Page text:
Environmental Defense Fund's Sustainable Fisheries Toolkit is the leading online resource for science-based information on rights-based management. No single organization in the world has invested more time or resources on rights-based management or education. Use the filters below to explore EDF’s fishery tools, manuals, case studies, academic studies, reports, and activities.

Visit Google Scholar’s page on RBM for additional studies.

  • The Ocean Prosperity Roadmap: Fisheries and Beyond is a new collection of research designed to inform decision makers, including governments and investors, on effective ocean and coastal resource management strategies to maximize economic, conservation and societal benefits.
  • Developed by an independent, bipartisan working group of leaders in government, fisheries science, management and policy, this report was created to present policymakers with clear and achievable methods to reverse the economic and environmental decline of U.S. fisheries.
  • The purpose of this pilot study was to test the utility of geospatial analysis tools for eliciting and integrating fishermen's knowledge into marine protected area (MPA) planning processes in California, United States. A participatory design yielded 30 local knowledge interviews that were coded for socioeconomic and biodiversity information. The resulting information is useful in understanding past conflicts around MPA siting proposals and for identifying likely sources of agreement and disagreement. Products include a protocol for rapid socioeconomic assessment; a database of fishermen's knowledge and information; and a geographic information system for further use in California's MPA planning process.
  • At large geographical scales, biogeographers have suggested that variation in species richness results from factors such as area, temperature, environmental stability, and geological processes, among many others. From the species pools generated by these large-scale processes, community ecologists have suggested that local-scale assembly of communities is achieved through processes such as competition, predation, recruitment, disturbances and immigration. The authors analyze the hypotheses on speciation and dispersal for reef fish from the Indian and Pacific oceans and show how dispersal from a major center of origination can simultaneously account for both large-scale gradients in species richness and the structure of local communities.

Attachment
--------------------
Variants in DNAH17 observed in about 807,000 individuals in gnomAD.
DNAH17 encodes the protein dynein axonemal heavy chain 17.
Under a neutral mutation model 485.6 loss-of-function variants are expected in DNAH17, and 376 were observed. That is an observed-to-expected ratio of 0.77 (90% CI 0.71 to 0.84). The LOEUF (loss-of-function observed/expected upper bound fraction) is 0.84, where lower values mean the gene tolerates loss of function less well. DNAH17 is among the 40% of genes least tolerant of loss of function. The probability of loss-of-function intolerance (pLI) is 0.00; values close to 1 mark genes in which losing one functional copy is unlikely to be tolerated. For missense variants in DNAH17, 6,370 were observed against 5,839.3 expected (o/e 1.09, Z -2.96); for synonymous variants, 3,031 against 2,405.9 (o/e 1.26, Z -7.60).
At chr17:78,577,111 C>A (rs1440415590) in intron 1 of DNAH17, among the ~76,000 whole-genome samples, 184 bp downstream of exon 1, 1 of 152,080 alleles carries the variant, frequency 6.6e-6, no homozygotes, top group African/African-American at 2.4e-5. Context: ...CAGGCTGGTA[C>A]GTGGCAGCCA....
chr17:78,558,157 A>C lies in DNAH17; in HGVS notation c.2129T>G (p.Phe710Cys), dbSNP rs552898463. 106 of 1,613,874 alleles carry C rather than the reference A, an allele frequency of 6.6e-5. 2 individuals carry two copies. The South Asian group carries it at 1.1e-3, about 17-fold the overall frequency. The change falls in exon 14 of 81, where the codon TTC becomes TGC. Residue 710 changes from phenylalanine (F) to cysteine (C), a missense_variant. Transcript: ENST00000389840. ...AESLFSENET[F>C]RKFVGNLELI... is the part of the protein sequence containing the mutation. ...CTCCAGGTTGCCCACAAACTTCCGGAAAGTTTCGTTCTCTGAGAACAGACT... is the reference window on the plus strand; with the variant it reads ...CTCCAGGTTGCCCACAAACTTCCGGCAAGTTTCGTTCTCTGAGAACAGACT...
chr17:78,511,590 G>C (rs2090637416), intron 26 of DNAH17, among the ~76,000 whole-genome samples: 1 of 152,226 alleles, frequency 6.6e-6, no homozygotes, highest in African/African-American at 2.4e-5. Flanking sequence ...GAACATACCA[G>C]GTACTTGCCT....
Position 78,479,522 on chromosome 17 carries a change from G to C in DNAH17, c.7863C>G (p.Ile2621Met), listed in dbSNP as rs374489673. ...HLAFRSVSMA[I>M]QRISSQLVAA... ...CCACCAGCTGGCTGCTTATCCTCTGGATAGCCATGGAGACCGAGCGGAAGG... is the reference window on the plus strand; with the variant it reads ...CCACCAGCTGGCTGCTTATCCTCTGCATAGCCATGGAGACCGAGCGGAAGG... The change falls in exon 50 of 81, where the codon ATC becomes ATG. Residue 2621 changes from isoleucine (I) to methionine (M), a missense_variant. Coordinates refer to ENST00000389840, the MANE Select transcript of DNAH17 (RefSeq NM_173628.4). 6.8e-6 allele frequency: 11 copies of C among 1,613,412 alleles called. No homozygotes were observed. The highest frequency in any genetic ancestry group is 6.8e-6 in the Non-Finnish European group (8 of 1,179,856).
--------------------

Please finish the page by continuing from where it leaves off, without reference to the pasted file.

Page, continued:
• Many tools have been developed to support measuring and evaluating fishery performance. The Fishery Performance Indicators (FPIs), developed by Anderson et al.*, are a flexible assessment tool designed to assess the state of individual fisheries in terms of ecological, economic and social performance. The FPIs can build a holistic understanding of the performance of a fishery and the communities it supports.
  • This program has ended the race to fish and improved economic efficiency in the world’s largest fishery, which reaches up to 8% of global catch by volume in peak years.
  • The British Columbia halibut fishery provides a natural experiment of the effects for "privatizing the commons." This study indicates that (1) the short-run efficiency gains from privatization may take several years to materialize and can be compromised by restrictions on transferability, duration, and divisibility of the property right; (2) substantial long-run gains in efficiency can be jeopardized by preexisting regulations and the bundling of the property right to the capital stock; and (3) the gains from privatization are not just in terms of cost efficiency but include important benefits in revenue and product form.
  • Determining project sites, fisheries, or communities to begin working with is an important step for many fishery reform strategies. This tool outlines an approach to guide the selection of sites for a project based on criteria deemed important for project goals and strategy.
  • This User Guide accompanies the Site Selection Tool. Download this User Guide for detailed instructions on using the Tool.
  • Many authors have suggested the use of a cap and trade auction system to help reduce bycatch—the incidental take of species by fishing gear targeting other species—of sea turtles in the Hawaii-based swordfish longline fishery. However, we know of no quantitative evaluations of the method. We present a simple mathematical model to serve as a framework to evaluate bycatch auction systems quantitatively. We conclude that cap and trade auction systems have the potential to reduce sea turtle bycatch by creating a financial incentive, while keeping permit costs down to 2–3% of total revenues. While stringent regulations aimed at conserving endangered sea turtles would still be essential, implementation of an auction for issuing transferable bycatch permits would likely enhance the economic efficiency of the fleet. Sea turtle mortality could be reduced further if a shrinking cap on total turtle mortality was introduced, taking advantage of the incentives for reducing turtle mortality that are introduced by the cap and trade auction system.

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